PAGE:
Klebsiella pneumoniae and Pseudomonas aeruginosa are opportunistic bacteria that can negatively affect an individual’s health if they over-dominate the intestinal tract. Klebsiella pneumoniae is part of the Enterobacteriaceae family and is characterized as a gram-negative bacterium.9 Virulence of said bacteria is provided by many factors which can produce antibiotic resistance and infection to include sepsis, meningitis, and pneumonia.9(1) Pseudomonas aeruginosa is also a pathogenic, gram-negative bacteria which has developed resistance to the majority of antimicrobial/antibiotic interventions due to a protective biofilm that it produces.10 Therefore, such a bacterium is particularly lethal amongst individuals with compromised immune systems. Berberine, citrus seed extract, and garlic may help control overgrowth.3(390) However, this author would strongly recommend medical input and intervention if the aforementioned bacteria are high in stool samples.
The second phase of FRP (Reintroduce) is characterized by reintroduction of digestive enzymes, if found as deficient. This author would suggest checking gastric acidity (pH) as poor stomach acid (hypochlorhydria) has been responsible for reduced vitamin and mineral absorption, reduced protein digestion, small intestinal bacterial/fungal overgrowth, infection, and food allergies.3(419)11,12 If hypochlorhydria is determined (using the Heidelberg test; covered in this author’s previous posts), supplemental betaine hydrochloride can be used with each meal, slowly increasing doses up towards 4500 mg if necessary to return stomach acidity to a pH of 1-2.13If pancreatic digestive enzymes (measured through fecal elastase) are low, this author would also suggest supplementing with the same via pancreatic enzyme replacement therapy.
The third phase of FRP (Reinnoculate) is characterized by introducing beneficial microbes. As mentioned previously, probiotics are microorganisms which share a beneficial/harmonious relationship with the digestive system. Such microbes facilitate the prevention of diseases (i.e., inflammatory bowel disease and antibiotic associated diarrhea), modulate immune system function, enhance epithelial barrier function, and control the build-up of toxin-producing bacteria.14 Such beneficial probiotics could include L. acidophilus, L salvarius, L. plantarum, L. casei, and Saccharomyces boulardi.3(455) Having considered removal of foods that trigger immunity, controlling overgrowth of pathogenic bacteria, introducing digestive enzymes, and the reinnoculation of the gut with beneficial microbes, the following will consider steps to further control inflammation, enhance intestinal repair, and mitigate nutritional deficiencies.
The fourth phase of FRP (Repair) concludes with repair of the intestinal wall. Tests such as secretory IgA (SIGA) can help confirm the need of such repair; SIGA is an antibody that is secreted by the gut lymphoid tissue which binds to pathogens and prevents them from penetrating the mucosal layer.3(431) If such a biomarker is low, it is likely that pathogens and allergens are entering and damaging enterocytes. Glutamine is an amino acid that serves as a dominant fuel and nitrogen source for enterocytes; cells which become damaged from allergens and pathogenic bacteria.15 Said amino acid also inhibits IP/bacterial translocation/cell death and maintains mucosal integrity indicating the need for appropriate levels.1(1001) This author would also consider use of zinc, vitamins A/C/E/folic acid (especially if formiminoglutamate biomarker is low), as well as essential fatty acids (Omega-3) and vitamin D3 to repair cell membranes and lower inflammation.3(455)16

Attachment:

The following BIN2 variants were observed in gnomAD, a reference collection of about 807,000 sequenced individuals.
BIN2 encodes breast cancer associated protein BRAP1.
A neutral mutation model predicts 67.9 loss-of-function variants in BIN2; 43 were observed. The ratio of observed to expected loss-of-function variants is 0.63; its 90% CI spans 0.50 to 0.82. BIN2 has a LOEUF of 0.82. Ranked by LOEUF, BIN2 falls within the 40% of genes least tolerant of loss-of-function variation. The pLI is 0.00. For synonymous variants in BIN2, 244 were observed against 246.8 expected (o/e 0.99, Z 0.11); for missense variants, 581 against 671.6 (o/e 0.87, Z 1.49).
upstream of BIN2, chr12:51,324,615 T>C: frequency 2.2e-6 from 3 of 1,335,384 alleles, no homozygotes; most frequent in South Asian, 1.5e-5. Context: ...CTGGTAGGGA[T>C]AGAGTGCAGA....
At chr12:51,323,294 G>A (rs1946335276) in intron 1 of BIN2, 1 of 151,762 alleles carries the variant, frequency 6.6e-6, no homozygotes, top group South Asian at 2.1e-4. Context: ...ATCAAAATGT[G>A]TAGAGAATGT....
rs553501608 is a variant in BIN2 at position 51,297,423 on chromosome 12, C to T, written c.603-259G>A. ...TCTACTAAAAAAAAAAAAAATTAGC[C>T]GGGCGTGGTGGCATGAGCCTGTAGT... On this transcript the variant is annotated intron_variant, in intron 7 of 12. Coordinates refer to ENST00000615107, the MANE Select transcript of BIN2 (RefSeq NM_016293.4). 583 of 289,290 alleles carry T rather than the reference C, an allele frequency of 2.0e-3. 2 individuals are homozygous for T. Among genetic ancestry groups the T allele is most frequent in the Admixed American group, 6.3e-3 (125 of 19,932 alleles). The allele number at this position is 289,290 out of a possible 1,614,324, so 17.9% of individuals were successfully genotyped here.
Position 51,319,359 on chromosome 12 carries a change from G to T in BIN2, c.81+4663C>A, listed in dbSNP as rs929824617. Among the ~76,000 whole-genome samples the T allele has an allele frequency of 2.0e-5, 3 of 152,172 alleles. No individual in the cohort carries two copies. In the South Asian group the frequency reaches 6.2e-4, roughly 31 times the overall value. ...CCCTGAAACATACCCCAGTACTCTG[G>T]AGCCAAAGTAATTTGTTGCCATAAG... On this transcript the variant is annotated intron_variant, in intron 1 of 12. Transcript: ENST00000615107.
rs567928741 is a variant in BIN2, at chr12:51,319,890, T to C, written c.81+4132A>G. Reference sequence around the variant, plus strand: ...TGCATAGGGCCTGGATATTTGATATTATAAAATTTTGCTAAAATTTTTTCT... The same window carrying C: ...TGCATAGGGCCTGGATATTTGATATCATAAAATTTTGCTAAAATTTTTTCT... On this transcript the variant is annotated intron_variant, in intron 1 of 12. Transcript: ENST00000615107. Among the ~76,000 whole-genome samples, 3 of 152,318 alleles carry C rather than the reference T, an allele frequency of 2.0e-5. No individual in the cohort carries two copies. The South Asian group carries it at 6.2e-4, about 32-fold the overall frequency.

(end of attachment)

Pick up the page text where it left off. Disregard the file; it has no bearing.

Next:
After such an intervention, this author would consider checking for nutritional deficiencies, especially if fatigue remains present after implementation of FRP. Fatty acid metabolism (i.e., low adipate/ethylmalonate), carbohydrate metabolism, and energy production (i.e., low hydroxymethylglutarate) organic acids tests can be reviewed to help ensure optimal metabolism of energy substrates and use of the same. If markers were initially low, improving digestion and absorption from the previous steps in FRP is likely to improve said biomarkers. If markers continue to remain low, this author might suggest carnitine (facilitates fat transport into mitochondria) and riboflavin (helps oxidize fatty acids in mitochondria) to reduce adipate and ethylmalonate levels.3(328-329) If hydroxymethylglutarate remains low, such would indicate low CoQ10; a powerful antioxidant and substance responsible for producing energy in the mirochondria.3(340)Supplementation of the same would help correct low hydroxymethylglutarate/CoQ10 levels and help improve energy production while reducing symptoms of fatigue.
In conclusion, RA is a systemic autoimmune disease, which effects the connective tissues of the body with a particular locus about the joints. The onset of RA is known to be driven by environmental and genetic factors. However, the microbiome is now considered a third impetus behind the development of said condition. Implementation of FRP can help systematically improve digestion/absorption, reduce inflammation, boost immune system strength, reduce autoimmunity, and repair the gut lining. Ultimately, such steps can help support individuals’ recoveries from such conditions, and their return to improved quality of life.